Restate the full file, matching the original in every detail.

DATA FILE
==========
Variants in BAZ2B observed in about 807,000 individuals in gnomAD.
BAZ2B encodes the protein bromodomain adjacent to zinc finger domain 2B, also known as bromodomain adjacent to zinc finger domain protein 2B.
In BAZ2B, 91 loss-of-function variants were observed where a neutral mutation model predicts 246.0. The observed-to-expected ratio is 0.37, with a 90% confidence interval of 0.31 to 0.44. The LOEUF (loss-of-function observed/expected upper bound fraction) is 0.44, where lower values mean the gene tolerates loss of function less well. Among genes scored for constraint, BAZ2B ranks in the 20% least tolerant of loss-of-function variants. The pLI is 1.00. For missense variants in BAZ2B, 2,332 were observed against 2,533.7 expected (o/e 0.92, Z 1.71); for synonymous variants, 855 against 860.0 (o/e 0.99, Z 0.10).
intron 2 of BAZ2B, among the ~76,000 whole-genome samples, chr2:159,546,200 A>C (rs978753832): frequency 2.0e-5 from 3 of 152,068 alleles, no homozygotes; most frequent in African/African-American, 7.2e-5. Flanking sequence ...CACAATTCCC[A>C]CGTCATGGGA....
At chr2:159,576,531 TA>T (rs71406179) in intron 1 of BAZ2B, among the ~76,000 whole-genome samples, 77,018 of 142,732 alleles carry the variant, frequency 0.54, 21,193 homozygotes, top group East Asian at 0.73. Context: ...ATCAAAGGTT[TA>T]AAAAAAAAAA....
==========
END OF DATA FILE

Variants in BAZ2B observed in about 807,000 individuals in gnomAD.
BAZ2B encodes the protein bromodomain adjacent to zinc finger domain 2B, also known as bromodomain adjacent to zinc finger domain protein 2B.
In BAZ2B, 91 loss-of-function variants were observed where a neutral mutation model predicts 246.0. The observed-to-expected ratio is 0.37, with a 90% confidence interval of 0.31 to 0.44. The LOEUF (loss-of-function observed/expected upper bound fraction) is 0.44, where lower values mean the gene tolerates loss of function less well. Among genes scored for constraint, BAZ2B ranks in the 20% least tolerant of loss-of-function variants. The pLI is 1.00. For missense variants in BAZ2B, 2,332 were observed against 2,533.7 expected (o/e 0.92, Z 1.71); for synonymous variants, 855 against 860.0 (o/e 0.99, Z 0.10).
intron 2 of BAZ2B, among the ~76,000 whole-genome samples, chr2:159,546,200 A>C (rs978753832): frequency 2.0e-5 from 3 of 152,068 alleles, no homozygotes; most frequent in African/African-American, 7.2e-5. Flanking sequence ...CACAATTCCC[A>C]CGTCATGGGA....
At chr2:159,576,531 TA>T (rs71406179) in intron 1 of BAZ2B, among the ~76,000 whole-genome samples, 77,018 of 142,732 alleles carry the variant, frequency 0.54, 21,193 homozygotes, top group East Asian at 0.73. Context: ...ATCAAAGGTT[TA>T]AAAAAAAAAA....